All right, wrap this thing up.
Lauren Zajac: Closing thoughts: while I enjoyed Trenchermen and the inventiveness and components of many of the dishes, I’d be more curious to see how it evolves over the next couple of months. I’d like to see some changes in terms of the dessert and maybe see more of a connection to the food. I’m not sure what Trenchermen is quite yet – fine dining or more of a bar atmosphere supported by a solid menu?
I will say, for the time being, that the Sheerin brothers are doing some nice work with flavors and components in the dishes. Perhaps over time, with some more refinement and getting past the opening week issues, Trenchermen will find more depth and clarity.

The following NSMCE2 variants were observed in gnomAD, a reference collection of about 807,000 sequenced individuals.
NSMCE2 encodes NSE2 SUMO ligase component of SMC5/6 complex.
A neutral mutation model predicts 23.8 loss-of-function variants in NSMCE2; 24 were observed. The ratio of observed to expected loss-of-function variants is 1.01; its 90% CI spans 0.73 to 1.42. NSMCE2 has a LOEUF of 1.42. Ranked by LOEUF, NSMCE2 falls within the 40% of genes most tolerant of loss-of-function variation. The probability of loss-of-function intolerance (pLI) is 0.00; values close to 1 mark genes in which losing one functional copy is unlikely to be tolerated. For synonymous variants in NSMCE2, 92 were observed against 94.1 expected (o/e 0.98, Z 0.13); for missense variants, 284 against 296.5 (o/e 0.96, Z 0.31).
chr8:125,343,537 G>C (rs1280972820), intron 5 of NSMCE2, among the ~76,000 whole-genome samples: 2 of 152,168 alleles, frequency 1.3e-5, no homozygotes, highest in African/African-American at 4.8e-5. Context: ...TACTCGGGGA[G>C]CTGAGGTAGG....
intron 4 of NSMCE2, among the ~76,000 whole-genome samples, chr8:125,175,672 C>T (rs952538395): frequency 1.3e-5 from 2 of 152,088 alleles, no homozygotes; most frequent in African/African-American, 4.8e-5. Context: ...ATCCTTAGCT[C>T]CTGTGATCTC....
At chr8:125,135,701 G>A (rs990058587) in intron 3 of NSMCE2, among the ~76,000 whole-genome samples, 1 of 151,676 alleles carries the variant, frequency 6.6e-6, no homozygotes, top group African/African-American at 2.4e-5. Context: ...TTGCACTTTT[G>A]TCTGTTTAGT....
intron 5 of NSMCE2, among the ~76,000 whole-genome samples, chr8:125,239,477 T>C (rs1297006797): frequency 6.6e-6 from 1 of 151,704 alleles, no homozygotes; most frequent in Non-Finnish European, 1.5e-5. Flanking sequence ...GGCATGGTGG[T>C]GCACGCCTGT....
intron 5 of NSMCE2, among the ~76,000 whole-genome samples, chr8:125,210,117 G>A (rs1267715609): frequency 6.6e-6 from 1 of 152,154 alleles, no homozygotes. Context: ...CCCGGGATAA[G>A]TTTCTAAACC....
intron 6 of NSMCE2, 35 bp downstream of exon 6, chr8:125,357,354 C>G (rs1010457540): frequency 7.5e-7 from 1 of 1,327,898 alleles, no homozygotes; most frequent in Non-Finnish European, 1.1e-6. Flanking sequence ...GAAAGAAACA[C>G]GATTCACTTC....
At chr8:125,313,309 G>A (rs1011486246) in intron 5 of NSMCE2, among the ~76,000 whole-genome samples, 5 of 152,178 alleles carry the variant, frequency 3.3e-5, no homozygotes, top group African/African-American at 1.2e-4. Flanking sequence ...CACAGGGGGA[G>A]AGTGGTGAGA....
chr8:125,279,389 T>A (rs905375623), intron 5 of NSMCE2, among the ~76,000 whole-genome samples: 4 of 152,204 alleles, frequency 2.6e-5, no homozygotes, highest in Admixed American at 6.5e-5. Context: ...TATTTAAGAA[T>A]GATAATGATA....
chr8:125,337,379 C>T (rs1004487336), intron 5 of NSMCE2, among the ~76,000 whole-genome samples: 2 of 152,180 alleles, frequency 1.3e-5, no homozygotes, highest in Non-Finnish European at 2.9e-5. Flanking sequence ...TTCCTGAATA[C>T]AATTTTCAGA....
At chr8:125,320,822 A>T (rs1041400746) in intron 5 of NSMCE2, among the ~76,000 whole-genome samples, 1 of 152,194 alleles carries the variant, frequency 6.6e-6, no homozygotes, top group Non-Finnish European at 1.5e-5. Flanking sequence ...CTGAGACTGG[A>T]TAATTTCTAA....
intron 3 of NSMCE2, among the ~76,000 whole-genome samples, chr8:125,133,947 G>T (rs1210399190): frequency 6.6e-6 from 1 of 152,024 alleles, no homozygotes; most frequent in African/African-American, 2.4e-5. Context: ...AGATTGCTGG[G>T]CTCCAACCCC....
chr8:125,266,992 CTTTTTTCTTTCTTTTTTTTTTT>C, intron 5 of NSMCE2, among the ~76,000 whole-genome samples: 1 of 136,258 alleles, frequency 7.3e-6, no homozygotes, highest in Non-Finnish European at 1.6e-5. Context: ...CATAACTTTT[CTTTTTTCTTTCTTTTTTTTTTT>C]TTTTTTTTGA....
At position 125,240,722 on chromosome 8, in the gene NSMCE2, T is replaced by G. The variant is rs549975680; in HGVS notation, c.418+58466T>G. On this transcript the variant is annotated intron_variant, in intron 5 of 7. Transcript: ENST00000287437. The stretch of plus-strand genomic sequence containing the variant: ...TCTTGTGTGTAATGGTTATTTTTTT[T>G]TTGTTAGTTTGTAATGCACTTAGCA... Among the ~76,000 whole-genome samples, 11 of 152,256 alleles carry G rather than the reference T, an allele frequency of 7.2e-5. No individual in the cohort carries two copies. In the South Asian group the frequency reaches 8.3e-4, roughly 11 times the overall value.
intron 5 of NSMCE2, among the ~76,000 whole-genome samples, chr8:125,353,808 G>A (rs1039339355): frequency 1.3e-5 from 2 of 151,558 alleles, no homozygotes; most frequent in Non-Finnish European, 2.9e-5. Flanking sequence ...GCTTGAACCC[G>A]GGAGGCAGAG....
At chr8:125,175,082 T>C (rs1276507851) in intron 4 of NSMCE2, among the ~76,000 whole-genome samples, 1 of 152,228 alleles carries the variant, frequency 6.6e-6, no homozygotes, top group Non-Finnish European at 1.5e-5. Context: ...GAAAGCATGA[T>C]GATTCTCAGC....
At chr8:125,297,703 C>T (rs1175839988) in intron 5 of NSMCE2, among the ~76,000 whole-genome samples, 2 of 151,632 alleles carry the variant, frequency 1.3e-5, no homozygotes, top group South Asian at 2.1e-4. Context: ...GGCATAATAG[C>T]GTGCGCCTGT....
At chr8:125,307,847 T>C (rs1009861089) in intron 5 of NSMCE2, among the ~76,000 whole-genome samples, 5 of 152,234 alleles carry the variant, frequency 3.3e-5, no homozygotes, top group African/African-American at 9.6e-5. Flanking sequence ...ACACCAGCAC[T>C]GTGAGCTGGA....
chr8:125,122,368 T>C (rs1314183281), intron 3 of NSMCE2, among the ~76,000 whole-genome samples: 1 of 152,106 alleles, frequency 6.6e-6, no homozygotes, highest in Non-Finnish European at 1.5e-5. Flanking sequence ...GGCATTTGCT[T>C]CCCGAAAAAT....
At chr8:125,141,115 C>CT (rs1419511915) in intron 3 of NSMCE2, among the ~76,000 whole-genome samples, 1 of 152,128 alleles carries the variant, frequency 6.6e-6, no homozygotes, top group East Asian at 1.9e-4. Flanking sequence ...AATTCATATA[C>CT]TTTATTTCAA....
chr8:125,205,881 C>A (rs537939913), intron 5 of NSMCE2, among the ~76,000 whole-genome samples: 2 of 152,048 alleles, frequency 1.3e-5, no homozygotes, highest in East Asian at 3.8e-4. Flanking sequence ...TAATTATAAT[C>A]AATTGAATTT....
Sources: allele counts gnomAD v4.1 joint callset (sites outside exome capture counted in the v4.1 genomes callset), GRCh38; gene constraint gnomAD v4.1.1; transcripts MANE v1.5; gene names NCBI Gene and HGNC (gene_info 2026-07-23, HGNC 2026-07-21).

Johnny Offal: Like you, I plan to return to Trenchermen. Upon my return, I hope to find more polished service (it has a long way to go) and pray that the brothers Sheerin can find the soul for their food.
|Trenchermen||The Stockyard 10|
|Vibe||Comfortable. Great place to hang out with an excellent atmosphere.|
|Crowd||Mainly younger folks.|
|Soundtrack||Sadly, we don’t recall. Very noisy room.|
|Drinks||Tasty. Smallish pours. Could use a bit more variety.|
|Cost/person||Roughly $60ish per person|
|Revisitability||B. We’re curious to see what happens over time.|
|Service||C+. Needs improvement.|
|Food||B-. Technically fantastic, needs more soul.|